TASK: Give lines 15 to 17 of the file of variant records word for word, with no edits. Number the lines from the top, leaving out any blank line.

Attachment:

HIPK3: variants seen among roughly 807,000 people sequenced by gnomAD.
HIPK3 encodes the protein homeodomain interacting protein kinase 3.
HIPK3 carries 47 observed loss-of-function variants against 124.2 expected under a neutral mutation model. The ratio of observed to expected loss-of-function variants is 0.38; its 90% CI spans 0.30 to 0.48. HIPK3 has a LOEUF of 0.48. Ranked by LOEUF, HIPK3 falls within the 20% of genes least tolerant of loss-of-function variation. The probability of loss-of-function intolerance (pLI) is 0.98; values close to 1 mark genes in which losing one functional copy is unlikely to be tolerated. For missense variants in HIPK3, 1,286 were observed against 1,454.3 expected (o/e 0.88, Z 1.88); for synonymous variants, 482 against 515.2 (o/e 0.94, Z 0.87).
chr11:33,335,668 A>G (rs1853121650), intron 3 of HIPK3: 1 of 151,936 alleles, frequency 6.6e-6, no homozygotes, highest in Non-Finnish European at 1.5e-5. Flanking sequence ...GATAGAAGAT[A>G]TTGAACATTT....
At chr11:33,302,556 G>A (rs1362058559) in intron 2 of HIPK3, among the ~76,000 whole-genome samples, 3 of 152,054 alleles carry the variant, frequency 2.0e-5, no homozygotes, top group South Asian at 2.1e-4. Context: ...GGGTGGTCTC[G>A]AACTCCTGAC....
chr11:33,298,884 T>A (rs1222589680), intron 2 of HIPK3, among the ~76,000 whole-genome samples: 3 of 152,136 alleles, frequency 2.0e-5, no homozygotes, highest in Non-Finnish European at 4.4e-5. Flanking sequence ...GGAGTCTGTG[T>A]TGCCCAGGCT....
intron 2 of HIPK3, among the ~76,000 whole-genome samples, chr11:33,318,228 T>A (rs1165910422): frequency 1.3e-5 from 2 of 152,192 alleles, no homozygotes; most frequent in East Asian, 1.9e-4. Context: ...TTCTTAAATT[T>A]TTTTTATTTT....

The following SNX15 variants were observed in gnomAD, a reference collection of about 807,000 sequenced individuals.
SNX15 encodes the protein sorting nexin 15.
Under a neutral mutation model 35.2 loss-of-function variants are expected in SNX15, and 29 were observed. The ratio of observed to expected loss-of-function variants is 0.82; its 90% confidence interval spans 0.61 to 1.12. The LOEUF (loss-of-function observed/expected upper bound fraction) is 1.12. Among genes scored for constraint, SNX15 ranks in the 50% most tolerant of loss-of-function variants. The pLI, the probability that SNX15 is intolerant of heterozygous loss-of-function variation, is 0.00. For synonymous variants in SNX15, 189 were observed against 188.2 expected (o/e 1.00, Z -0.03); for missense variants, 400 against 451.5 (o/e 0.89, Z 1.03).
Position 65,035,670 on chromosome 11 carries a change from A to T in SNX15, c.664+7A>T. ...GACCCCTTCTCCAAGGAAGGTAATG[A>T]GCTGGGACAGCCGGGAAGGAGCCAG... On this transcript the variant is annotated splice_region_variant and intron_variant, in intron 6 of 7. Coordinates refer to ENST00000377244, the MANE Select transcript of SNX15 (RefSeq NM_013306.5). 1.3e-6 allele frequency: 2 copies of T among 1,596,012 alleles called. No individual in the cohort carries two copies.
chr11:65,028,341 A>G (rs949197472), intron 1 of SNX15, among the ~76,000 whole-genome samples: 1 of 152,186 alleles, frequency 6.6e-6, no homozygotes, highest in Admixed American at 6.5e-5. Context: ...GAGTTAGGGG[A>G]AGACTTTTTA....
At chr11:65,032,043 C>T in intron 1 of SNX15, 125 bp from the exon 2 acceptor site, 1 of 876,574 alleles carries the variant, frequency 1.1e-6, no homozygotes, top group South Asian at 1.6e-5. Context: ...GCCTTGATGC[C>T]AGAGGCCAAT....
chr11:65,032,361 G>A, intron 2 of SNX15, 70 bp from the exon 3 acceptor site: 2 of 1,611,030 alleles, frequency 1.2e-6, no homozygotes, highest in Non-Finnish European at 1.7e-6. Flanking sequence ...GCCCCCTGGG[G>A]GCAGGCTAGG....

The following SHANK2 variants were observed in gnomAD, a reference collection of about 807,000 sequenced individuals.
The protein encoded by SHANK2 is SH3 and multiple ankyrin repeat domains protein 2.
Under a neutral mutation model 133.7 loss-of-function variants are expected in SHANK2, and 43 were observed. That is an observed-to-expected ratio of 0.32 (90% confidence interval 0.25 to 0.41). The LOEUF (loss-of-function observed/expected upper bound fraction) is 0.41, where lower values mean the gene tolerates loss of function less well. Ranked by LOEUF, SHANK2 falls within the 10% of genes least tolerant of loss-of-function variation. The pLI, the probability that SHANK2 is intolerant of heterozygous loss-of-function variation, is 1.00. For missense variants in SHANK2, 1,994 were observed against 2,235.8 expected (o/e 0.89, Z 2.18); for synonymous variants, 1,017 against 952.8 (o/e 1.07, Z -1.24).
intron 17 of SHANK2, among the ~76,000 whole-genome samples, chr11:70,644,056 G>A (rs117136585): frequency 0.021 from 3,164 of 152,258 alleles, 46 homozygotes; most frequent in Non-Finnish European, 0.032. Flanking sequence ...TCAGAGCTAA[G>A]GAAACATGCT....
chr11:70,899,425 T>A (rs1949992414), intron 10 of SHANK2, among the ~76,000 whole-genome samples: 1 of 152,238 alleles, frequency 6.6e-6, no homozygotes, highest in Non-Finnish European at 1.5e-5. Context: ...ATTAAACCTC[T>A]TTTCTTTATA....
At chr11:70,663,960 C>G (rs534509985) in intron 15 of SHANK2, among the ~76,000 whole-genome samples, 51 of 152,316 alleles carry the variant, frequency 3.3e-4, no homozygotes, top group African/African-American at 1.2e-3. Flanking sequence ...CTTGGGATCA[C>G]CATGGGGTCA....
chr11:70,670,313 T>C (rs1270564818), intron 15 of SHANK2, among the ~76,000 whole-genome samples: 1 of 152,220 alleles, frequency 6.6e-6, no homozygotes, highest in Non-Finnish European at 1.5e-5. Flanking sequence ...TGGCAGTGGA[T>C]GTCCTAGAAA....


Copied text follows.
The following SHANK2 variants were observed in gnomAD, a reference collection of about 807,000 sequenced individuals.
The protein encoded by SHANK2 is SH3 and multiple ankyrin repeat domains protein 2.
Under a neutral mutation model 133.7 loss-of-function variants are expected in SHANK2, and 43 were observed. That is an observed-to-expected ratio of 0.32 (90% confidence interval 0.25 to 0.41). The LOEUF (loss-of-function observed/expected upper bound fraction) is 0.41, where lower values mean the gene tolerates loss of function less well. Ranked by LOEUF, SHANK2 falls within the 10% of genes least tolerant of loss-of-function variation. The pLI, the probability that SHANK2 is intolerant of heterozygous loss-of-function variation, is 1.00. For missense variants in SHANK2, 1,994 were observed against 2,235.8 expected (o/e 0.89, Z 2.18); for synonymous variants, 1,017 against 952.8 (o/e 1.07, Z -1.24).